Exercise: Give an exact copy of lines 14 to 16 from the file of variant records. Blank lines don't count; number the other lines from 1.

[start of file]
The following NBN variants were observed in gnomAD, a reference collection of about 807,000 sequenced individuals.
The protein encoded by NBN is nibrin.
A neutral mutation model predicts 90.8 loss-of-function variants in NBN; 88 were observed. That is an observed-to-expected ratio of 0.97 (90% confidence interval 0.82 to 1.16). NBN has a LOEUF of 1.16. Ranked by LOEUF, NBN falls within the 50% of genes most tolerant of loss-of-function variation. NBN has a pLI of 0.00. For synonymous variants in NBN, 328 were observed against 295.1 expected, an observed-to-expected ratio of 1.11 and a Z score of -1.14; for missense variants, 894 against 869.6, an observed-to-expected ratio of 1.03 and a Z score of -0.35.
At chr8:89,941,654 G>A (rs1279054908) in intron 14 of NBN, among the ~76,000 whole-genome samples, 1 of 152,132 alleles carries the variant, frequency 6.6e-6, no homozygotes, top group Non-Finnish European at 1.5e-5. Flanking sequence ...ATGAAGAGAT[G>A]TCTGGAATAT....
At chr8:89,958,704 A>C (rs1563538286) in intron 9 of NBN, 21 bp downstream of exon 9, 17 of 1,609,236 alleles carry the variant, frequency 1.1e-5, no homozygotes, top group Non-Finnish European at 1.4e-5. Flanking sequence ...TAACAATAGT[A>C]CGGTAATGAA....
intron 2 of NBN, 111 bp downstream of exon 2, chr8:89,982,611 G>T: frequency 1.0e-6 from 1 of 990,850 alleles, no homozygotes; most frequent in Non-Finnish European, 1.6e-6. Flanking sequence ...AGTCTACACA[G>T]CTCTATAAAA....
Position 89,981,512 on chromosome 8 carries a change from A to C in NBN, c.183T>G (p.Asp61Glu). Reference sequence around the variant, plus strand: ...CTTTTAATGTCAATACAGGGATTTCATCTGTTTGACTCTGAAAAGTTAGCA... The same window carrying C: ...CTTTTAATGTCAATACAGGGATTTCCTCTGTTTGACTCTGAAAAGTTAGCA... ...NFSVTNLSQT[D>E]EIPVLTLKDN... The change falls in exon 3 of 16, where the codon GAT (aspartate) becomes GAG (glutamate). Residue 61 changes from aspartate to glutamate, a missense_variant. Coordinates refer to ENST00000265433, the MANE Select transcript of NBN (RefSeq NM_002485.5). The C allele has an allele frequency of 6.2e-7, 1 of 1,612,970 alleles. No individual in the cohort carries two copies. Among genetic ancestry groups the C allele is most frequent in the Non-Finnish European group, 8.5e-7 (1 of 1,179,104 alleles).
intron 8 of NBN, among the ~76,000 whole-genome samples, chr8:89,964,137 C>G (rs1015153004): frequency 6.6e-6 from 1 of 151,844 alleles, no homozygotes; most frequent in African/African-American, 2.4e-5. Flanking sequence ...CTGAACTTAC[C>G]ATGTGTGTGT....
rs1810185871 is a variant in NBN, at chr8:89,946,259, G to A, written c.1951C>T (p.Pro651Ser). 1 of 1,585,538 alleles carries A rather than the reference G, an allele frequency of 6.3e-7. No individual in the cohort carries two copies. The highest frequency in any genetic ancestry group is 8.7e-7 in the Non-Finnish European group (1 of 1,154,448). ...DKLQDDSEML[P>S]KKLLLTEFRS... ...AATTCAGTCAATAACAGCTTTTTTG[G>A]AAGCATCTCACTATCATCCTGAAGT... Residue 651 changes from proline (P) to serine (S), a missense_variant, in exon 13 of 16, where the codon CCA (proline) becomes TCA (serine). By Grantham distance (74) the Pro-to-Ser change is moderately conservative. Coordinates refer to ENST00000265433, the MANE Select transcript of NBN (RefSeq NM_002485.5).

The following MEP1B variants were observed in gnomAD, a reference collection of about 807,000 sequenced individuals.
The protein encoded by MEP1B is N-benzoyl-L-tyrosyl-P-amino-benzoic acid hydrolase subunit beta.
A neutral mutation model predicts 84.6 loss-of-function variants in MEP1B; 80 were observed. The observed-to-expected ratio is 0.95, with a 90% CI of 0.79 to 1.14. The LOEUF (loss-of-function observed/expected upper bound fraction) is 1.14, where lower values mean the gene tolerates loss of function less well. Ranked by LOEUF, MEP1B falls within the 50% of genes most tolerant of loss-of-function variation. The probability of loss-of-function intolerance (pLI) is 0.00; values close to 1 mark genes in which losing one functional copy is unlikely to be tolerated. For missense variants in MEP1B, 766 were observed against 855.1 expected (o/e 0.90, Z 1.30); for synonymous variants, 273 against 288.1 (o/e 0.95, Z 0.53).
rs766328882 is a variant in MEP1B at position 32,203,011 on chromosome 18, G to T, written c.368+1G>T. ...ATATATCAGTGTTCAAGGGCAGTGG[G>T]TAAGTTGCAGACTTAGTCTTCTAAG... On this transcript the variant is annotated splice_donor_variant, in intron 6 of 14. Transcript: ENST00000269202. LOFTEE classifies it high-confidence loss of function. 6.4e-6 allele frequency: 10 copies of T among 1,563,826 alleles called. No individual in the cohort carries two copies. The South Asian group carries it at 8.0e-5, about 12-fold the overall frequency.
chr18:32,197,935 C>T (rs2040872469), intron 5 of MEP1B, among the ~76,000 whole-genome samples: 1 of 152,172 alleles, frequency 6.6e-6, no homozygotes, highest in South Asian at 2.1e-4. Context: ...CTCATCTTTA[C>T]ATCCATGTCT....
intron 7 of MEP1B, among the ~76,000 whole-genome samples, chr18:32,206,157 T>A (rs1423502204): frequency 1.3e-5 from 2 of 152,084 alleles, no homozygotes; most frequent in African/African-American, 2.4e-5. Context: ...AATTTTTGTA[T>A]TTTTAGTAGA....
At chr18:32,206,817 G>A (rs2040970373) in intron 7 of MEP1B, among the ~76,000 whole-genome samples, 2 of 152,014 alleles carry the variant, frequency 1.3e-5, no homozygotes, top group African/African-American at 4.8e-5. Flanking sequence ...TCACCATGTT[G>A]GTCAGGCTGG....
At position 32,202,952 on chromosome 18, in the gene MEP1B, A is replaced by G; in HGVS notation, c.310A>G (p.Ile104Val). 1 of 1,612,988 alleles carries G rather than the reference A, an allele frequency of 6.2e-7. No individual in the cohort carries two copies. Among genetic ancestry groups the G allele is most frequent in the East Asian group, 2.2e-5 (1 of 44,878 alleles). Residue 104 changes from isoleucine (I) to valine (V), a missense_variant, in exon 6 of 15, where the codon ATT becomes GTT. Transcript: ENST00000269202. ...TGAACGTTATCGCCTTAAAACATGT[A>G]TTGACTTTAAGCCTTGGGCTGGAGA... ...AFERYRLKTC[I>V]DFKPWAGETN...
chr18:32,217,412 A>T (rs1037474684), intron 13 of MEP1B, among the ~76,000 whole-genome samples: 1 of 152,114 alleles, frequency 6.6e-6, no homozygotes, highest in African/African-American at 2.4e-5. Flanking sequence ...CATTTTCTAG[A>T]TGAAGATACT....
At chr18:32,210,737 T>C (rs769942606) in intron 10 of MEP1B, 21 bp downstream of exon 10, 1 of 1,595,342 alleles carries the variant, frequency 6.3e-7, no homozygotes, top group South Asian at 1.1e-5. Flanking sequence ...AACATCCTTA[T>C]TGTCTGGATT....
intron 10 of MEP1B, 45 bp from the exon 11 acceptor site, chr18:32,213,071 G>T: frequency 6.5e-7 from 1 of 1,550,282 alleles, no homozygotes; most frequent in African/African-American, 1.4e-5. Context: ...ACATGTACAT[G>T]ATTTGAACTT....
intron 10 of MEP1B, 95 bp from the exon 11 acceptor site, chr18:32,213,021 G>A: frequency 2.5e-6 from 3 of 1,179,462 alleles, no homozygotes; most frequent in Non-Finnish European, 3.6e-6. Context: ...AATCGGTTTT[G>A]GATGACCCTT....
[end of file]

chr18:32,197,935 C>T (rs2040872469), intron 5 of MEP1B, among the ~76,000 whole-genome samples: 1 of 152,172 alleles, frequency 6.6e-6, no homozygotes, highest in South Asian at 2.1e-4. Context: ...CTCATCTTTA[C>T]ATCCATGTCT....
intron 7 of MEP1B, among the ~76,000 whole-genome samples, chr18:32,206,157 T>A (rs1423502204): frequency 1.3e-5 from 2 of 152,084 alleles, no homozygotes; most frequent in African/African-American, 2.4e-5. Context: ...AATTTTTGTA[T>A]TTTTAGTAGA....
At chr18:32,206,817 G>A (rs2040970373) in intron 7 of MEP1B, among the ~76,000 whole-genome samples, 2 of 152,014 alleles carry the variant, frequency 1.3e-5, no homozygotes, top group African/African-American at 4.8e-5. Flanking sequence ...TCACCATGTT[G>A]GTCAGGCTGG....